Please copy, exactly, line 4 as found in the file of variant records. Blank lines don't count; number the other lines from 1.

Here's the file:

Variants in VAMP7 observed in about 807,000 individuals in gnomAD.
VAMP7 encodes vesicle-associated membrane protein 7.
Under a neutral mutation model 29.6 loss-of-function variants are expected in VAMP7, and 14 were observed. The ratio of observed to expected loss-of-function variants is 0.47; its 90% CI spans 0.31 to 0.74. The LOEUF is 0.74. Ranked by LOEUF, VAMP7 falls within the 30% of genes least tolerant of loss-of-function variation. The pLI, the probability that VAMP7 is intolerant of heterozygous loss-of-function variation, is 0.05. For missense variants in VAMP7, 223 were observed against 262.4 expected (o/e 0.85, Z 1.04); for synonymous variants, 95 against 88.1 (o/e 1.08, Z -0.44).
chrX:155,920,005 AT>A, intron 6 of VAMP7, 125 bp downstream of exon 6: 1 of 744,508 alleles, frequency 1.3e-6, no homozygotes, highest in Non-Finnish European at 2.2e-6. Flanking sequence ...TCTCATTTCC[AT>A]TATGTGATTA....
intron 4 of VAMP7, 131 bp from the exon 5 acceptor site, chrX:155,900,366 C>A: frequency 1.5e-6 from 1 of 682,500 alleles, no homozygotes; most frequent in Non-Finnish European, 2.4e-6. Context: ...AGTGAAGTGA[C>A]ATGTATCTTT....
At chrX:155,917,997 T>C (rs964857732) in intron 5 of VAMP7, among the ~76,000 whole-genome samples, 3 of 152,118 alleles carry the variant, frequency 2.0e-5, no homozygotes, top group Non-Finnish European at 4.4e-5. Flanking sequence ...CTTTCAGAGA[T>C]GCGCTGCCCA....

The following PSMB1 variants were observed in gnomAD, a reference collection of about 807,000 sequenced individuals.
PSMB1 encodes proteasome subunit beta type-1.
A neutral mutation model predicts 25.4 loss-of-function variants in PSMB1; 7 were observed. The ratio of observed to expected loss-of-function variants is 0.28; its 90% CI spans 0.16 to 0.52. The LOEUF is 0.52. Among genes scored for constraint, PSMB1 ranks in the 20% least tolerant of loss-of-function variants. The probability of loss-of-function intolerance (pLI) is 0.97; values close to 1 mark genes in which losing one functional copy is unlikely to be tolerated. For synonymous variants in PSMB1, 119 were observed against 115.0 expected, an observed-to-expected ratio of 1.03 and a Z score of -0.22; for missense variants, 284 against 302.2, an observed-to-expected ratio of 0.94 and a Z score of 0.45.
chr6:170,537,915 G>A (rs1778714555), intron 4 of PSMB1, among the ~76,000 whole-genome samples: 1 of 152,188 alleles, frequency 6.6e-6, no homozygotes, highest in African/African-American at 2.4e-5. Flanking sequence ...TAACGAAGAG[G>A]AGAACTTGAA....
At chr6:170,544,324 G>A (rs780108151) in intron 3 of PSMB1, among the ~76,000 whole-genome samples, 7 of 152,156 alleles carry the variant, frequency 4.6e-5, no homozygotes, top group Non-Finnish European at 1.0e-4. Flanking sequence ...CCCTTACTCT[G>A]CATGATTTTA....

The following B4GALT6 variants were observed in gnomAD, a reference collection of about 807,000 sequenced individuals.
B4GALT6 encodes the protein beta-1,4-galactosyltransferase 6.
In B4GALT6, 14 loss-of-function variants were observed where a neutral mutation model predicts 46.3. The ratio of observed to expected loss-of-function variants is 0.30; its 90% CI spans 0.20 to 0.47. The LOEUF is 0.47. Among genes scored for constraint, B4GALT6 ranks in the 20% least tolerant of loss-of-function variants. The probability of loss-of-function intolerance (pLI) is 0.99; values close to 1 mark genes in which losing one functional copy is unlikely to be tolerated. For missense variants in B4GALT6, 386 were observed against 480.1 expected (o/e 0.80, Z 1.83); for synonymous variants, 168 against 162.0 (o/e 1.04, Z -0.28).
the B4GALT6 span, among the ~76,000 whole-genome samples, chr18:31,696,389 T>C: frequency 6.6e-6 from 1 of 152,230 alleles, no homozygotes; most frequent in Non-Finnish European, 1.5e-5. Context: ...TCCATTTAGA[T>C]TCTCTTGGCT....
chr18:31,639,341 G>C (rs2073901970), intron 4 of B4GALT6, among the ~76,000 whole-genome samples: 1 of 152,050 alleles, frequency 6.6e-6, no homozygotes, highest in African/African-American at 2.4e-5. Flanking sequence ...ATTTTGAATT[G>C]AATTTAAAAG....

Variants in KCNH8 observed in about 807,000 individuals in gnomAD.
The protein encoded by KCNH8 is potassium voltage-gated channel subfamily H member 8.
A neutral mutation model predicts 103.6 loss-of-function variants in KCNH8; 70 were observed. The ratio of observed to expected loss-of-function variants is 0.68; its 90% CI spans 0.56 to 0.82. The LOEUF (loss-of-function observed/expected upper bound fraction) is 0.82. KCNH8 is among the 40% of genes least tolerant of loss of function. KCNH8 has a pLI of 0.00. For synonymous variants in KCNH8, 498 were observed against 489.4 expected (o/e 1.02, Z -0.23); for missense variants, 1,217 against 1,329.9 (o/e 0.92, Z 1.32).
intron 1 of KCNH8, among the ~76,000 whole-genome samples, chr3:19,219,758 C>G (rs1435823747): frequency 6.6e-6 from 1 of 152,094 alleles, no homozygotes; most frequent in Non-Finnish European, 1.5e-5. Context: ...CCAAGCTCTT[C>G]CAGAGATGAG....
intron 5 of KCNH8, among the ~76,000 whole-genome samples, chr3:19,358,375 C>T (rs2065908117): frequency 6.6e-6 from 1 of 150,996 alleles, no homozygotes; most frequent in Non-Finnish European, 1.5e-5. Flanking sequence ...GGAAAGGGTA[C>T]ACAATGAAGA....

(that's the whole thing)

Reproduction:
chrX:155,920,005 AT>A, intron 6 of VAMP7, 125 bp downstream of exon 6: 1 of 744,508 alleles, frequency 1.3e-6, no homozygotes, highest in Non-Finnish European at 2.2e-6. Flanking sequence ...TCTCATTTCC[AT>A]TATGTGATTA....